Even before this CD was put in the player, this scribe had a rather nice chuckle looking at the cover of this release from Canberra band The Fighting League. It is a rather brilliant piss take on the cover of The Human League album “Dare”, with the same lettering font, design and pineapple pieces where Phil Oakey’s face would be. It is a good indication of a band that don’t take themselves too seriously while, at the same time, being good at what they do.

Kicking off with “Sad Sad Sad Mum And Dad”, The Fighting League specialise in a strange, self coined description of ‘tropical punk’. Namely, while punk in attitude and style, there is a glorious sense of melody and pop that cuts through the more abrasive edges of that musical style here. The Fighting League are what one imagines the offspring of the members of The Ramones would sound like if ‘da brudders’ had had kids. They very much prove themselves to be spiritual cousins of classic pop/punk bands like NOFX and The Dead Milkmen.

There is an incredibly likeable and charming attitude and style at play on Tropical Paradise. It is refreshing to see and hear a band that have a sense of humour, while being serious towards the sonic style and vision of what they do. Overall, “Tropical Paradise” is a lot of fun and will be a great album to chuck on at a summer party or barbeque.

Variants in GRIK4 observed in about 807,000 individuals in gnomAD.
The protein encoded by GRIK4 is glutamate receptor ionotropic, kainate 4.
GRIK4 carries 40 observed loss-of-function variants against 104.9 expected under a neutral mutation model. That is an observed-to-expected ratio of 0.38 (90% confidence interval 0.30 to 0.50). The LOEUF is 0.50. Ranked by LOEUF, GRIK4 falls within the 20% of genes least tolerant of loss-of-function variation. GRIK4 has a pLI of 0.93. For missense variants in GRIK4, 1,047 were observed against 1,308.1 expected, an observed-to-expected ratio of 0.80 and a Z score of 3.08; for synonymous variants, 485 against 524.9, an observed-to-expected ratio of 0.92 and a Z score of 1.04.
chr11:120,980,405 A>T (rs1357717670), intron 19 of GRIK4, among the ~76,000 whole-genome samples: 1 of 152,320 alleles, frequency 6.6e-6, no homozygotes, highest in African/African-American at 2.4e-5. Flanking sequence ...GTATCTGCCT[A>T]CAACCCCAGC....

Sonically, they have a great sound and spark to them. Check out the almost country-influenced guitar playing and plucking on the propulsive “Pizza Man”. You can almost see a mosh pit in front of you simply by listening to the track.

The band have a wonderful, off the cuff style to them, perhaps best illustrated by their lead singer, Dominic ‘Peace & Love’ Death. Sounding like he just stumbled out of bed and sculled a couple of cans of Red Bull, he definitely personifies the laidback style and attitude of The Fighting League. “Calypso” immediately prompts images of dancing and drinks involving small fruit forrests. The hilarious “Like The Rolling Stones”, with its fake-Keith Richards main riff, sounds like what one imagines Mick Jagger would sound like after sucking on some helium balloons. It manges to be shambolic and utterly charming at the same time-no mean feat.

Other great tracks include “About A Boy”, “Those Girls” and “19”. The music on Tropical Paradise┬ácaptures beautifully that attitude of being in your late teens and early twenties. The energy and sheer lust for life that you have at that age is distilled beautifully on this debut release from the band.

Punky music that makes you want to dance, Tropical Paradise ends up sounding like the bastard offspring of The Ramones and The B52’s. This is a great debut release and a hell of a lot of fun. This will definitely be part of this scribe’s summer soundtrack.

– Neil Evans